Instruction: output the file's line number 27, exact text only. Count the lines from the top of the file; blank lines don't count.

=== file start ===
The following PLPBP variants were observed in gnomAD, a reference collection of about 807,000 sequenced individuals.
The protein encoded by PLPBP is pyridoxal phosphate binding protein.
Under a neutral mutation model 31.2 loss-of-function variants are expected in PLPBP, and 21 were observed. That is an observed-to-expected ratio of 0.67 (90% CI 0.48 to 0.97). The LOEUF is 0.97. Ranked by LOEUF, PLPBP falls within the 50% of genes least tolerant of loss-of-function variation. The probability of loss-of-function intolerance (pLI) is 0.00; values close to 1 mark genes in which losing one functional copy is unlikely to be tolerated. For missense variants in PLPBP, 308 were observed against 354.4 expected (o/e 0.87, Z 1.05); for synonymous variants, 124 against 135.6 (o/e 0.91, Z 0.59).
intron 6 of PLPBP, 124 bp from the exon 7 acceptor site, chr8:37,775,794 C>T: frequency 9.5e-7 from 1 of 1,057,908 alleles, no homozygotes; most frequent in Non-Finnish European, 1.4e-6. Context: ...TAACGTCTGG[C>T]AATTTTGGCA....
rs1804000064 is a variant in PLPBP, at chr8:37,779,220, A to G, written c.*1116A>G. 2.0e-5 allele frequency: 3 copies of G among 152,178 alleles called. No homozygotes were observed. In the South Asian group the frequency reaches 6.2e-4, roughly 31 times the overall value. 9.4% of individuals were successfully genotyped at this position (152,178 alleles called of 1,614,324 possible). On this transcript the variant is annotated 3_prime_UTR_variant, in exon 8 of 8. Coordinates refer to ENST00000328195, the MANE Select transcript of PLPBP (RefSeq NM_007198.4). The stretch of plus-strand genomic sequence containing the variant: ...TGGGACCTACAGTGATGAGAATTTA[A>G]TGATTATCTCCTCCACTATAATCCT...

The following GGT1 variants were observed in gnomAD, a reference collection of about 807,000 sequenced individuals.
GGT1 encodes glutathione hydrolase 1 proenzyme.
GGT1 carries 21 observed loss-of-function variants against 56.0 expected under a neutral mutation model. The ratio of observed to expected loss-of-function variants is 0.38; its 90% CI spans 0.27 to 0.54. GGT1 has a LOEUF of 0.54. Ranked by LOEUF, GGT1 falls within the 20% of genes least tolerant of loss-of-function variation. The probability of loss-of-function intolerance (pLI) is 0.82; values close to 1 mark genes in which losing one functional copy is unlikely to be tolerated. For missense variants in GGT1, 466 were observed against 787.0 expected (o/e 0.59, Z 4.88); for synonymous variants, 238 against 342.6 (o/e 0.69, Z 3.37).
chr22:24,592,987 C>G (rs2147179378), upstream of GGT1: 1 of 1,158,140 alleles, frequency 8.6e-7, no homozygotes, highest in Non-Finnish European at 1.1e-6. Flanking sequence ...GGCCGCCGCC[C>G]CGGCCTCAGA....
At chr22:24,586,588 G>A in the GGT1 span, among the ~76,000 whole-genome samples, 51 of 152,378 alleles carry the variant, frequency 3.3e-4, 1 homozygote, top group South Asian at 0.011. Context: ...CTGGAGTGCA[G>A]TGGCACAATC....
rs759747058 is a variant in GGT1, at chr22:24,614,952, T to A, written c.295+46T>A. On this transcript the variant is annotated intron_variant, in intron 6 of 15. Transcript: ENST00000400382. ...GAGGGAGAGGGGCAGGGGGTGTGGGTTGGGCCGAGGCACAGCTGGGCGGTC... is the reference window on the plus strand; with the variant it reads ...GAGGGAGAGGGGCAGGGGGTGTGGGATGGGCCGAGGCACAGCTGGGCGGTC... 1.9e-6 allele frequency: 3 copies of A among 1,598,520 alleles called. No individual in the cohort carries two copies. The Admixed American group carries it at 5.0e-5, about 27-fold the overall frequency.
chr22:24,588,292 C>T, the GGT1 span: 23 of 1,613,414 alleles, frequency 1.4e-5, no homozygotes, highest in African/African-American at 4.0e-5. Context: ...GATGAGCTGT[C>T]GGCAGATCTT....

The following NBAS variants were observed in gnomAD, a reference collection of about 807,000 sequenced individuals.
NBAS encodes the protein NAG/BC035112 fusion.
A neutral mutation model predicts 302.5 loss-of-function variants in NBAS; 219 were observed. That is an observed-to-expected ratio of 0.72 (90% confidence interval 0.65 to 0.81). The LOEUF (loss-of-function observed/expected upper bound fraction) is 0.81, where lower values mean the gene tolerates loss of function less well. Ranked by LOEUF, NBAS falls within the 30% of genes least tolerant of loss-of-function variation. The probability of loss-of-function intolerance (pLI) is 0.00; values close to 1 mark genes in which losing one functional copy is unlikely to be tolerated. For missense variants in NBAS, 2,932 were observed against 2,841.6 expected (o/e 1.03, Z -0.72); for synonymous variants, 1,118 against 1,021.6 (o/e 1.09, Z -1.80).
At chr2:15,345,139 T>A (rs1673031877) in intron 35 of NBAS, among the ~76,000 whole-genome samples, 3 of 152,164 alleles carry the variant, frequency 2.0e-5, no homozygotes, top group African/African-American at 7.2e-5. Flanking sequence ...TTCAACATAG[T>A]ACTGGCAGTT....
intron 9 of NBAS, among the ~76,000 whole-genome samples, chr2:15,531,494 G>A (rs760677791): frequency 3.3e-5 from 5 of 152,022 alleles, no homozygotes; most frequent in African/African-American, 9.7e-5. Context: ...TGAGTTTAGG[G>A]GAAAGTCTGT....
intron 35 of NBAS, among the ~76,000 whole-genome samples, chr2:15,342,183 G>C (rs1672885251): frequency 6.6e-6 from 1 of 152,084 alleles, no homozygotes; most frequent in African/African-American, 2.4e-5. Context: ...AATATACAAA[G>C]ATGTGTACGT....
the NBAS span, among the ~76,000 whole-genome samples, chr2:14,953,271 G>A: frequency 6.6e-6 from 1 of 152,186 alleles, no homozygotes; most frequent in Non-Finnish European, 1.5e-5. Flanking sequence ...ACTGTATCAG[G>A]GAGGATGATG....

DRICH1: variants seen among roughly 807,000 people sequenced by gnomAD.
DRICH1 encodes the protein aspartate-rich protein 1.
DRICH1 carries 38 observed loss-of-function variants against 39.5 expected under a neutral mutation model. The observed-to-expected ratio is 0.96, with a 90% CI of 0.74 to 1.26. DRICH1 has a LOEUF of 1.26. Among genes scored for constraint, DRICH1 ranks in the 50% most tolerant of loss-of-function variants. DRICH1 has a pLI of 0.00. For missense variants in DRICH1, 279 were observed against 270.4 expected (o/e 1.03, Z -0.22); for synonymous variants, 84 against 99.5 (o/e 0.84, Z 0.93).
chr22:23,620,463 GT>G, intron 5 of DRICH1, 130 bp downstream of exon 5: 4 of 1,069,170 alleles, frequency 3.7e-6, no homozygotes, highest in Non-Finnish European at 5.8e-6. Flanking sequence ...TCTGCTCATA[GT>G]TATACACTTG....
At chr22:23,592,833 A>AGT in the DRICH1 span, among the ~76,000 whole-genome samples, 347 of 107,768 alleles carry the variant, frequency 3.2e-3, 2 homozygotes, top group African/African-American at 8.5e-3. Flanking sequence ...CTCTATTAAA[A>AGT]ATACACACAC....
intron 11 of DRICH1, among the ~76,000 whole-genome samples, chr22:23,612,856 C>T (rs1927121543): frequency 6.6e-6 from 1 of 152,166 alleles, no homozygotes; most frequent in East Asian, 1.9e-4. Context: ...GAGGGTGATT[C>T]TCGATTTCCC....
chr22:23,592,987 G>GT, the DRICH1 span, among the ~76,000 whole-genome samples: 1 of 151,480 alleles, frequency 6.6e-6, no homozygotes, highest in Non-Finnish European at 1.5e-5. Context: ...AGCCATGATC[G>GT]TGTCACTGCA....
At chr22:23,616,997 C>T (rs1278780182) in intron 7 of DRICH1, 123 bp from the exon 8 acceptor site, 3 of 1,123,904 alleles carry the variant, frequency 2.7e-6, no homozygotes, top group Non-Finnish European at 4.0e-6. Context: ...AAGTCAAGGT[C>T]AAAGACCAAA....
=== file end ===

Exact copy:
At chr22:23,616,997 C>T (rs1278780182) in intron 7 of DRICH1, 123 bp from the exon 8 acceptor site, 3 of 1,123,904 alleles carry the variant, frequency 2.7e-6, no homozygotes, top group Non-Finnish European at 4.0e-6. Context: ...AAGTCAAGGT[C>T]AAAGACCAAA....